Councilman Larry Carr: Policing May Be ‘Institutional Problem”

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Sacramento police officers patrolling Golden 1 Center on March 29 to prevent Stephon Clark protesters from shutting down a Sacramento Kings game for the third time in eight days (OBSERVER photo by Antonio R. Harvey).

SACRAMENTO — When Sacramento City Councilman Larry Carr was a member of the Sacramento Municipal Utility District’s Board of Directors, he was known as a person who could analyze problems and then fix them with the right solutions.

Carr had never been one to sugar coat important topics that involved SMUD employees, contractors, or customers. Since he’s been the representative for Sacramento City Council District 8 for nearly four years, his way of addressing issues is still the same.

Since the police-involved shooting death of Stephon Clark in his grandmother’s back yard on March 18 Carr is intent on trying to eliminate such type of police actions that have resulted in the death of mostly African American males.

“The police officers have been given a great deal of protection under the Police Officer’s Bill of Rights as well as other laws of statutes up to the federal level,” Carr told The OBSERVER. “Those are going to have change if we’re going to be able to hold law enforcement accountable when indeed they do make personal errors that result in death.”

Clark was shot at at least 20 times by two officers, struck by eight bullets, six of which hit him in the back, it was discovered in an independent autopsy performed for the family. It’s a case that many in the community feel was avoidable. Carr feels the same way.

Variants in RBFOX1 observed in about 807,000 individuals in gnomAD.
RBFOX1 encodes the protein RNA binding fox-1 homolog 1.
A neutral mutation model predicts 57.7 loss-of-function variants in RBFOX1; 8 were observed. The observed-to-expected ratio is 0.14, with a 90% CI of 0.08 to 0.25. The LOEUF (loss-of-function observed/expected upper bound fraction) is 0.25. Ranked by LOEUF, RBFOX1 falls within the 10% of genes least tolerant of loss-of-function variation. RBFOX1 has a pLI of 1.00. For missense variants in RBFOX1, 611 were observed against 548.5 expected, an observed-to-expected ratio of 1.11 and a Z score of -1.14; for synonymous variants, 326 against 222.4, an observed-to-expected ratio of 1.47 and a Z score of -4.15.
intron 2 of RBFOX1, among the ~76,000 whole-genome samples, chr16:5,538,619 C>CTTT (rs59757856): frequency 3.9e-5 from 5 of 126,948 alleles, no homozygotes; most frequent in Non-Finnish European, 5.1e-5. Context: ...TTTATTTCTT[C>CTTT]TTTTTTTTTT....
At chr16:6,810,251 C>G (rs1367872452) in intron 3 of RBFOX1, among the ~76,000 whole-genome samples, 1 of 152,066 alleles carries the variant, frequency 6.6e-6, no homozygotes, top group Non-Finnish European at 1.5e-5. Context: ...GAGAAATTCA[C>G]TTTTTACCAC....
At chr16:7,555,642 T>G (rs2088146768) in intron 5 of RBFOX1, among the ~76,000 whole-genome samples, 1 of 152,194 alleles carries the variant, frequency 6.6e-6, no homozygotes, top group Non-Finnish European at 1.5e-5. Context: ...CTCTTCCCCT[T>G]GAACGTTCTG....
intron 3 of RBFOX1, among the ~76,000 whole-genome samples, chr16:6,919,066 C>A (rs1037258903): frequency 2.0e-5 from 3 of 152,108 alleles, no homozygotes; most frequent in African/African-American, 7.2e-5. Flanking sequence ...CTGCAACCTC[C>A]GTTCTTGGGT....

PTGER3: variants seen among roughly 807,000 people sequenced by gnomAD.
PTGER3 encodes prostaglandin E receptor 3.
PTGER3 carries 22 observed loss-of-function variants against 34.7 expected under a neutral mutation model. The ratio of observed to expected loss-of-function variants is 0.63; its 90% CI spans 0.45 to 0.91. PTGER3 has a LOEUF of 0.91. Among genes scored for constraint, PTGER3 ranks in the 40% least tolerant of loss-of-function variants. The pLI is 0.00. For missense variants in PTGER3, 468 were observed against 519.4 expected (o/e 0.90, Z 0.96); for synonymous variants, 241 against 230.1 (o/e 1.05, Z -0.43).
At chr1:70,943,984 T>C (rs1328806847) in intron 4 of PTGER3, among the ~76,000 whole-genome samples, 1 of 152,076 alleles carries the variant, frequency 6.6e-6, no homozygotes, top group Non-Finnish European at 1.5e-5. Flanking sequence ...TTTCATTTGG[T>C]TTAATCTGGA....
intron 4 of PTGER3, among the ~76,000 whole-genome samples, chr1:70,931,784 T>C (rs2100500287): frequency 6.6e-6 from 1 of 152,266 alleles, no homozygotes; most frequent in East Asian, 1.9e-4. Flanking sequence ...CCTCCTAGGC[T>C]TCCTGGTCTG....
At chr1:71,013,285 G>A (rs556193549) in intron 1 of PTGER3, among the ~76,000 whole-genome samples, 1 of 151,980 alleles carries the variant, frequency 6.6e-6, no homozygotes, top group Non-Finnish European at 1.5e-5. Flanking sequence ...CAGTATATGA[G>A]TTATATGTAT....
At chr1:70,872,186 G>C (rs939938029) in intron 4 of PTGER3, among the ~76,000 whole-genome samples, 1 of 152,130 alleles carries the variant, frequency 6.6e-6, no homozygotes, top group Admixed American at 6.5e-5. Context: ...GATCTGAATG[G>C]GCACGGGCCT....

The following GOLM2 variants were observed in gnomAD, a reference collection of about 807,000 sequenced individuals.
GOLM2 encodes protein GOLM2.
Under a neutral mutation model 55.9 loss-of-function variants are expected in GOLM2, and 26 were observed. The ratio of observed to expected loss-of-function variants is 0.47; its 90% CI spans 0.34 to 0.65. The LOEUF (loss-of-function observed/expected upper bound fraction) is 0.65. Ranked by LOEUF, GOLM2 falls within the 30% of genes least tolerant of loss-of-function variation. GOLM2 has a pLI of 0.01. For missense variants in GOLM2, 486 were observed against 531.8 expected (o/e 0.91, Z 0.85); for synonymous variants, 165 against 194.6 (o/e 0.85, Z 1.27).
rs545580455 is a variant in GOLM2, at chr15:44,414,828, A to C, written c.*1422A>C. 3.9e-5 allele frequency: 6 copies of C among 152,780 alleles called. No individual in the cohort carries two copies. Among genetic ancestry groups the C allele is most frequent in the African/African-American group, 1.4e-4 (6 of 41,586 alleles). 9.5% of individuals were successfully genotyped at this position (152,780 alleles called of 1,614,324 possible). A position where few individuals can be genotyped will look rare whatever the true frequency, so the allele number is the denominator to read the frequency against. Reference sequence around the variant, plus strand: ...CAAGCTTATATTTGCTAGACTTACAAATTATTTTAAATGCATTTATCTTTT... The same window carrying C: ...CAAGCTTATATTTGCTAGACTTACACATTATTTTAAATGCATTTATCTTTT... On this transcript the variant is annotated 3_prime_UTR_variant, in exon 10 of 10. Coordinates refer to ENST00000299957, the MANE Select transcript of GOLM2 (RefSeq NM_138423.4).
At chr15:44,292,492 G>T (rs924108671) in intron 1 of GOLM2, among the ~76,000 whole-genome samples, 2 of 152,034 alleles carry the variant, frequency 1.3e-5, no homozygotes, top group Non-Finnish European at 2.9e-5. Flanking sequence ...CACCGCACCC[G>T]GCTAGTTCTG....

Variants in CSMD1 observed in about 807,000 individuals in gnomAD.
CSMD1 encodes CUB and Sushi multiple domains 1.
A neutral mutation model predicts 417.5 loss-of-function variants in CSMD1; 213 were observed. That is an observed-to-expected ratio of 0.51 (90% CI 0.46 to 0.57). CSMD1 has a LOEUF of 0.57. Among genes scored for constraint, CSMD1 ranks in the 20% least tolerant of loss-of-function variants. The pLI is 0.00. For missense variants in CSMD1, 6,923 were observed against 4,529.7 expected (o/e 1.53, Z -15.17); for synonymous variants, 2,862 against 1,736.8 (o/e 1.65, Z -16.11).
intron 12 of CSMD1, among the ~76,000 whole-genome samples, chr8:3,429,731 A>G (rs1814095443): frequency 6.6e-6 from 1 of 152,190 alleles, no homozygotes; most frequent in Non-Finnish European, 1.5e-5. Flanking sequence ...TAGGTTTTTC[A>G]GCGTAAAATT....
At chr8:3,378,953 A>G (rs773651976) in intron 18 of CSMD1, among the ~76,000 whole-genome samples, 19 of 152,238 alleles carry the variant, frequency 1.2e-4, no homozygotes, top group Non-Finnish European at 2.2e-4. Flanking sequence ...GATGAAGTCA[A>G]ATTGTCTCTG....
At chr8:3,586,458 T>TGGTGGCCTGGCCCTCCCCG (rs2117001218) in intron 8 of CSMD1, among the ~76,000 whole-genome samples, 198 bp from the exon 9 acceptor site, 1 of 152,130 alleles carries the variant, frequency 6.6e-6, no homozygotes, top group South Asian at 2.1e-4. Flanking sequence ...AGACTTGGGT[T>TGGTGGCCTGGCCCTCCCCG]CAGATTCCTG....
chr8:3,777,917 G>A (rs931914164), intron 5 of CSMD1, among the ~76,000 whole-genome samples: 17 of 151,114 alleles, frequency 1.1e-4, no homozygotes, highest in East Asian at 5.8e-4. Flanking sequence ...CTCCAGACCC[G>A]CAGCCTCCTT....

Carr is still waiting on “more facts” to come out in the investigation conducted by the Sacramento Police Department. But his willingness to change policy within the department stems from body camera videos that captured the activity in the Clark shooting. It was too much for his eyes to bare, he says.

“Any time you see a tape video in this case of somebody getting killed is disturbing regardless of the circumstances and regardless of the situation,” Carr said. “It’s doubly disturbing if its law enforcement that’s taken someone’s life. We as human beings, most of us are not accustomed to seeing that level of violence take place before our eyes.”

Credit goes to the City Council which demands that any videos available in officer-involved shootings be released with 30 days. Police Chief Daniel Hahn released moving images of the Clark shooting within 72 hours. That’s accountability, Carr says.

The previous administration before Hahn was trying its best to hold off releasing the Joseph Mann videos to the public up to 90 days. During a City Council meeting, Carr told then interim Police Chief Brian Louie that was not going to happen and most of the member of the the city council agreed.

“When I look at the tape that we released within three days, it’s because we want to be transparent as a city,” Carr said of the videos related to the Clark case. “We are going to get to the bottom of it, we’re going to find out who is responsible and we’re going to hold them accountable if someone is not in compliance with our policies.”

Carr wants to create a policy that would allow police officers to “use a minimal amount of force necessary” and “warn people before we shoot them,” he said. He also wants the “less lethal” weapons used by an officer.